When Gene Stratton-Porter wrote “Freckles” in 1904, one wonders if she could imagine how
beloved the character of “Freckles” would become. Over one-hundred years later, generations
have read and re-read the book. “Freckles” has become woven into the rich history of
The character of Freckles was based on a real man named Ray Boze, who worked for Gene and her husband, Charles Porter [see Blog 9/9/2014]. Freckles was an orphan who did not know his family history. He came to Limberlost to work for Mr. McLean and to guard his lumber tract. He soon grew to love the beauty of the nature in the Limberlost.
A few years after the book was published by Doubleday and Page, it was made into a comedy-
drama for the stage in Great Britain. Shortly afterwards, Neil Twomey’s “Freckles” came to
American stages. The play would tour the country and be performed numerous times in a number of cities over the next decade.
Critics gave wonderful reviews of the play and of Gene Stratton-Porter’s book. One who wrote
for the Leavenworth Post (Kansas), stated that, “He has transferred the spirit of the wild-wood, visualized the delightful characters of the story and woven incidents into a play of tremendous power, the bright particular star of which is the little, one-handed, freckle faced, red headed waif of fiction fame, who has enshrined himself in the hearts of millions of people who have followed him through the pages of Gene Stratton-Porter’s remarkable books.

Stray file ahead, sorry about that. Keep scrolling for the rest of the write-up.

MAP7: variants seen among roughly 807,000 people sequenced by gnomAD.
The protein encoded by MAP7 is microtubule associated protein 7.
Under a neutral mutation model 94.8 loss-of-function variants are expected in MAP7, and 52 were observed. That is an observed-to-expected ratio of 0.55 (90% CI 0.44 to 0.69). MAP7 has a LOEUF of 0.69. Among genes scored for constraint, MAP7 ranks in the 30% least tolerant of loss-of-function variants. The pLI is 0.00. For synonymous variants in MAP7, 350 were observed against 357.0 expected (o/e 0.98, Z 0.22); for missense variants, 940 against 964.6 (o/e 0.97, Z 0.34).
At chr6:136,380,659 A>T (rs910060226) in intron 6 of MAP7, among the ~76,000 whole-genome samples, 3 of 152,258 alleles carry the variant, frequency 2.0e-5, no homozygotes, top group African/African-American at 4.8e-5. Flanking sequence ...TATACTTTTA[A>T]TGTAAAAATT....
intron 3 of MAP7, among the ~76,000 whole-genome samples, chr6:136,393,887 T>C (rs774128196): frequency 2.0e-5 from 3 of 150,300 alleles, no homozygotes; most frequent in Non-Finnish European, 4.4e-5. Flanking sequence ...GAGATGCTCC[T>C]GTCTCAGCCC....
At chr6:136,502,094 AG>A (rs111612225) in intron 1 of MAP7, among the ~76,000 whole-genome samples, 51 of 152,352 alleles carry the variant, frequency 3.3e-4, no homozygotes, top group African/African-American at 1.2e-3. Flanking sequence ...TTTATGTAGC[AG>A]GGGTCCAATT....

Some other praises for “Freckles” the play from New York newspapers:
New York Press----The piece fairly abounds in what has been termed “the punch,” in the drama.
New York Sun ---Stirring scenes and strong, gripping, dramatic situations.
New York Evening Journal---“Freckles” scores success by its naturalness.
New York Telegraph----The unique nature of the settings and the story are both attractive,
interesting and well acted.
New York Herald---A novelty.
New York Times ----Tremendously successful.
New York American---Interesting at all times.
During this time period, Gene was inspired by the Limberlost and created some of her best loved characters. A number of these characters were based on people or were composites of people who lived in Geneva. Over one-hundred years later, she is still being “discovered” by new audiences who have become fans of her writings.
Several of Gene’s books were made into plays and movies. Not too many authors today can